Scientists are excited about the prospect of using CRISPR, a powerful gene-editing tool, to combat HIV. A discouraging follow-up study shows that HIV is capable of developing a resistance to the genetic attack—but scientists say CRISPR’s battle with HIV is far from over.
Physicians from Johns Hopkins Medicine have performed two landmark organ transplantations involving an HIV-positive liver and kidney. It’s a historic precedent that will do much to alleviate the ongoing organ shortage, while paving the way towards similar transplants involving other diseases.
Researchers from Temple University have used the CRISPR/Cas9 gene editing tool to clear out the entire HIV-1 genome from a patient’s infected immune cells. It’s a remarkable achievement that could have profound implications for the treatment of AIDS and other retroviruses.
This plain-looking silicone ring is more useful than it looks. Doped with an experimental antiretroviral drug, when worn in the vagina by women in sub-Saharan Africa it was shown to reduce the risk of HIV infection by as much as 61 percent.
We’re making progress in the fight against HIV around the world, but it’s still very unevenly distributed. And the United Nations’ brand new report on HIV infections among teenagers in Asia is pretty upsetting. Some 50,000 Asian teens (aged 15-19) became HIV-positive in 2014 alone, and a total of 220,000 adolescents…
AIDS was a terrifying mystery, and then we solved it. When researchers identified the human immunodeficiency virus as the reason why young, previously healthy people were developing rare cancers and wasting away, it was a triumph of medical science.
Scientists have been conscientiously studying HIV for decades, but now a new study suggests that the virus can infect and kill immune cells in a way that scientists have so far overlooked.
Last week brought the horrifying news that the Ebola virus can live in the eyeballs of survivors, even after it’s been eliminated from the rest of the body. It shouldn’t have been a surprise, though. Viruses have always hidden in parts of our bodies you’d never expect. In fact, we’re all walking virus reservoirs.
It sounds too good to be real: You take one pill every day, and your risk of contracting HIV is reduced upwards of 90 percent. But the Pre-Exposure Prophylaxis (PrEP) program is an actual thing, which the CDC and the WHO have been recommending since last spring. Is daily Truvada as effective as it sounds, and how does…
There have been a lot of bad news this year. And a lot of good ones too. Sadly, many of the good ones never get the proper coverage they need and they get lost in the storm of crap that we have to suffer every day. Luckily, Bill Gates has highlighted the best five news of 2014 that you probably missed.
An international team of researchers has traced the "epidemic ignition" of HIV/AIDS to 1920s Kinshasa, what is now the capital city of the Democratic Republic of the Congo.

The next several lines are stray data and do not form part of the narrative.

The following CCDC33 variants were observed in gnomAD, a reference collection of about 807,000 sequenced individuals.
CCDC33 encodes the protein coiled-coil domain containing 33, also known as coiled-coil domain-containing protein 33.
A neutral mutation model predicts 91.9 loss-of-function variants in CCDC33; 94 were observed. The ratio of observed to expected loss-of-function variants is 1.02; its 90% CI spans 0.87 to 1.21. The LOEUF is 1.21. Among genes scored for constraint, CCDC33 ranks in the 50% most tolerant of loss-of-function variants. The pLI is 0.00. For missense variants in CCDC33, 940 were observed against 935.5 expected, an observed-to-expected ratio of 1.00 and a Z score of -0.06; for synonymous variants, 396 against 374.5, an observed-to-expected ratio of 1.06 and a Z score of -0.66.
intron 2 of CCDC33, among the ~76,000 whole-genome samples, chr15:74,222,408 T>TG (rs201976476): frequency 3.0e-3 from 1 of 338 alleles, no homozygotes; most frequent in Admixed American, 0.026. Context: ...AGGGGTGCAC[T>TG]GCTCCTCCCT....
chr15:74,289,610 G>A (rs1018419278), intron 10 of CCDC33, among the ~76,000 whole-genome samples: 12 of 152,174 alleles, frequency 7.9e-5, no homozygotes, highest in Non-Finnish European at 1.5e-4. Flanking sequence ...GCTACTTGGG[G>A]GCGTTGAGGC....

Correctly used, condoms do a damn good job of preventing STDs (and pregnancy!). But nobody's gonna say no to an improvement that ups those odds. Say, a condom coated in antiviral gel that kills up t0 99.9% of HIV, genital herpes, and human papillomavirus. Australia just said yes, and hopefully the U.S. isn't far…
HIV is a sneaky virus. Its MO involves integrating its own genes into your DNA, so that even as antiretrovirals hold everything in check, HIV lurks quietly inside your cells. Now scientists have found a way to edit the virus straight out of the human genome—a potential cure for even latent infections.
The "Mississippi Baby," born with HIV and treated with antiretroviral drugs immediately after birth, showed no evidence of HIV after two years without treatment. Now the child has detectable levels of the virus once again. It's a sad conclusion to what seemed like an extremely promising new way to treat this vicious…
The human immunodeficiency virus (HIV) is a crafty little bastard, constantly mutating to mask itself from our bodies' defenses but always entering cells through the same molecular door. The design of that cellular door is governed by our DNA, so why not change the lock by modding our genetic code?
The Bill and Melinda Gates Foundation recently awarded a grant to an Australian research team trying to build a better condom. They're hardly the first to win such an award, but they have a novel approach. These polymer scientists are making condoms out of hydrogels, the same materials used in contact lenses.
This monochrome image of living tissue has some extremely unwelcome visitors lurking within it. Taken from some of the first ever 3D images of HIV at work, those little blue circles show the virus infecting the surrounding cells.
U2's new song Invisible—which featured in a Super Bowl ad—is free on iTunes until 23:59 EST today to support HIV and AIDS charity. For every download, Bank of America will donate $1 to Red.
A newly discovered strain of HIV is spreading across West Africa. What's worse is that it's particularly aggressive—and causes significantly faster progression to AIDS than other strains.
Infection by HIV, the virus that causes AIDS, can actually be prevented. In the lab, the drug tenofovir blocks HIV before it can attack cells. But getting the drug to work in the real world has been an enormous challenge. Now, researchers have found a method of implementing tenofovir that's hugely effective in animal…